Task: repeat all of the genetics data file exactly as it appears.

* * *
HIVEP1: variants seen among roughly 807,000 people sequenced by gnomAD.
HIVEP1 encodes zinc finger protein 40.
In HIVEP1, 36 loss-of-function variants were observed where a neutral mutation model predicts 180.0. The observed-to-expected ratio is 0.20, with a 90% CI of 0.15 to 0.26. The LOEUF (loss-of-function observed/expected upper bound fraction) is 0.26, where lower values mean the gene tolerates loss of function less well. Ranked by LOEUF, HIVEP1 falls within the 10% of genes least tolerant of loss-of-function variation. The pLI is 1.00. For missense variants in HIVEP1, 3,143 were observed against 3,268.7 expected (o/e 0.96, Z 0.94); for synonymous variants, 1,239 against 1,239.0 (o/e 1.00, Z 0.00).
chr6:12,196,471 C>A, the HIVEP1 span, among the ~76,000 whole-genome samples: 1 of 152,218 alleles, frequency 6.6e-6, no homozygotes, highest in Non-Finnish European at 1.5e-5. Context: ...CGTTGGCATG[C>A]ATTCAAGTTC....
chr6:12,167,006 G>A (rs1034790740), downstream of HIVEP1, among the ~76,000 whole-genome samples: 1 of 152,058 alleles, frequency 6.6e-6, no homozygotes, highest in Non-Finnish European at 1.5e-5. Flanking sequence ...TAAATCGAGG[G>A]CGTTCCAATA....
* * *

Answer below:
HIVEP1: variants seen among roughly 807,000 people sequenced by gnomAD.
HIVEP1 encodes zinc finger protein 40.
In HIVEP1, 36 loss-of-function variants were observed where a neutral mutation model predicts 180.0. The observed-to-expected ratio is 0.20, with a 90% CI of 0.15 to 0.26. The LOEUF (loss-of-function observed/expected upper bound fraction) is 0.26, where lower values mean the gene tolerates loss of function less well. Ranked by LOEUF, HIVEP1 falls within the 10% of genes least tolerant of loss-of-function variation. The pLI is 1.00. For missense variants in HIVEP1, 3,143 were observed against 3,268.7 expected (o/e 0.96, Z 0.94); for synonymous variants, 1,239 against 1,239.0 (o/e 1.00, Z 0.00).
chr6:12,196,471 C>A, the HIVEP1 span, among the ~76,000 whole-genome samples: 1 of 152,218 alleles, frequency 6.6e-6, no homozygotes, highest in Non-Finnish European at 1.5e-5. Context: ...CGTTGGCATG[C>A]ATTCAAGTTC....
chr6:12,167,006 G>A (rs1034790740), downstream of HIVEP1, among the ~76,000 whole-genome samples: 1 of 152,058 alleles, frequency 6.6e-6, no homozygotes, highest in Non-Finnish European at 1.5e-5. Flanking sequence ...TAAATCGAGG[G>A]CGTTCCAATA....